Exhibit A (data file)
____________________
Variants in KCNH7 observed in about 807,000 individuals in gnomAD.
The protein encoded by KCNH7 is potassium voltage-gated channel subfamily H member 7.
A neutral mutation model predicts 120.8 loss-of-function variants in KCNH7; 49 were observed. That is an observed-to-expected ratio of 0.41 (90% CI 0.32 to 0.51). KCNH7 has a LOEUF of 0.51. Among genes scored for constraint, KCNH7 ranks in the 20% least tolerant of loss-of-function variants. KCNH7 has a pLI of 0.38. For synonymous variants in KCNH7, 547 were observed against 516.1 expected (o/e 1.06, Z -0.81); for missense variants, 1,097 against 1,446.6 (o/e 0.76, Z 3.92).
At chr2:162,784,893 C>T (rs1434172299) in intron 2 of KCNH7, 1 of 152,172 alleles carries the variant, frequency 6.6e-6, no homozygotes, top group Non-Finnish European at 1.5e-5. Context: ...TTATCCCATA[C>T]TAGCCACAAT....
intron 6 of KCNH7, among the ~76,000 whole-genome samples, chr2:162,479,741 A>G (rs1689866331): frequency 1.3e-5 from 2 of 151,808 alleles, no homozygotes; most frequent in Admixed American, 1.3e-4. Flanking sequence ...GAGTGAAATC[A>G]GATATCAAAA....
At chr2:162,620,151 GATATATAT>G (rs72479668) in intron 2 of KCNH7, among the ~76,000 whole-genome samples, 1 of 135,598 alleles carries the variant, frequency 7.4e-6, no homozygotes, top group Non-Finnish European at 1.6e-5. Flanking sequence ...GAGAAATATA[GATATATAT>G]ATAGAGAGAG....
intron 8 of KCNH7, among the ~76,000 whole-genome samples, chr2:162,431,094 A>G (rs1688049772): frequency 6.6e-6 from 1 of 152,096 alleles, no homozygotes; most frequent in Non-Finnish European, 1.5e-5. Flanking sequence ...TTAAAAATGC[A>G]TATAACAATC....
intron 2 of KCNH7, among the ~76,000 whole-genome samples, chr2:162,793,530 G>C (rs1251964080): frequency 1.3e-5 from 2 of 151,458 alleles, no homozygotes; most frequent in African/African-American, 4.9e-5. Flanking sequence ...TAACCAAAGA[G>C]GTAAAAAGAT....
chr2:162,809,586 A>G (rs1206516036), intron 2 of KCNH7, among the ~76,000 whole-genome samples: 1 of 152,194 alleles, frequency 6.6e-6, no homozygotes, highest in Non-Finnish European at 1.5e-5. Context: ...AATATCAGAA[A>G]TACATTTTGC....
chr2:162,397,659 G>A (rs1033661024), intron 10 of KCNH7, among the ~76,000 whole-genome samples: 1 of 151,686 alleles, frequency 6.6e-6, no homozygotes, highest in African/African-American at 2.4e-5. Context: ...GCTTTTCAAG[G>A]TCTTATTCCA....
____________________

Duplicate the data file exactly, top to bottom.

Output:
Variants in KCNH7 observed in about 807,000 individuals in gnomAD.
The protein encoded by KCNH7 is potassium voltage-gated channel subfamily H member 7.
A neutral mutation model predicts 120.8 loss-of-function variants in KCNH7; 49 were observed. That is an observed-to-expected ratio of 0.41 (90% CI 0.32 to 0.51). KCNH7 has a LOEUF of 0.51. Among genes scored for constraint, KCNH7 ranks in the 20% least tolerant of loss-of-function variants. KCNH7 has a pLI of 0.38. For synonymous variants in KCNH7, 547 were observed against 516.1 expected (o/e 1.06, Z -0.81); for missense variants, 1,097 against 1,446.6 (o/e 0.76, Z 3.92).
At chr2:162,784,893 C>T (rs1434172299) in intron 2 of KCNH7, 1 of 152,172 alleles carries the variant, frequency 6.6e-6, no homozygotes, top group Non-Finnish European at 1.5e-5. Context: ...TTATCCCATA[C>T]TAGCCACAAT....
intron 6 of KCNH7, among the ~76,000 whole-genome samples, chr2:162,479,741 A>G (rs1689866331): frequency 1.3e-5 from 2 of 151,808 alleles, no homozygotes; most frequent in Admixed American, 1.3e-4. Flanking sequence ...GAGTGAAATC[A>G]GATATCAAAA....
At chr2:162,620,151 GATATATAT>G (rs72479668) in intron 2 of KCNH7, among the ~76,000 whole-genome samples, 1 of 135,598 alleles carries the variant, frequency 7.4e-6, no homozygotes, top group Non-Finnish European at 1.6e-5. Flanking sequence ...GAGAAATATA[GATATATAT>G]ATAGAGAGAG....
intron 8 of KCNH7, among the ~76,000 whole-genome samples, chr2:162,431,094 A>G (rs1688049772): frequency 6.6e-6 from 1 of 152,096 alleles, no homozygotes; most frequent in Non-Finnish European, 1.5e-5. Flanking sequence ...TTAAAAATGC[A>G]TATAACAATC....
intron 2 of KCNH7, among the ~76,000 whole-genome samples, chr2:162,793,530 G>C (rs1251964080): frequency 1.3e-5 from 2 of 151,458 alleles, no homozygotes; most frequent in African/African-American, 4.9e-5. Flanking sequence ...TAACCAAAGA[G>C]GTAAAAAGAT....
chr2:162,809,586 A>G (rs1206516036), intron 2 of KCNH7, among the ~76,000 whole-genome samples: 1 of 152,194 alleles, frequency 6.6e-6, no homozygotes, highest in Non-Finnish European at 1.5e-5. Context: ...AATATCAGAA[A>G]TACATTTTGC....
chr2:162,397,659 G>A (rs1033661024), intron 10 of KCNH7, among the ~76,000 whole-genome samples: 1 of 151,686 alleles, frequency 6.6e-6, no homozygotes, highest in African/African-American at 2.4e-5. Context: ...GCTTTTCAAG[G>A]TCTTATTCCA....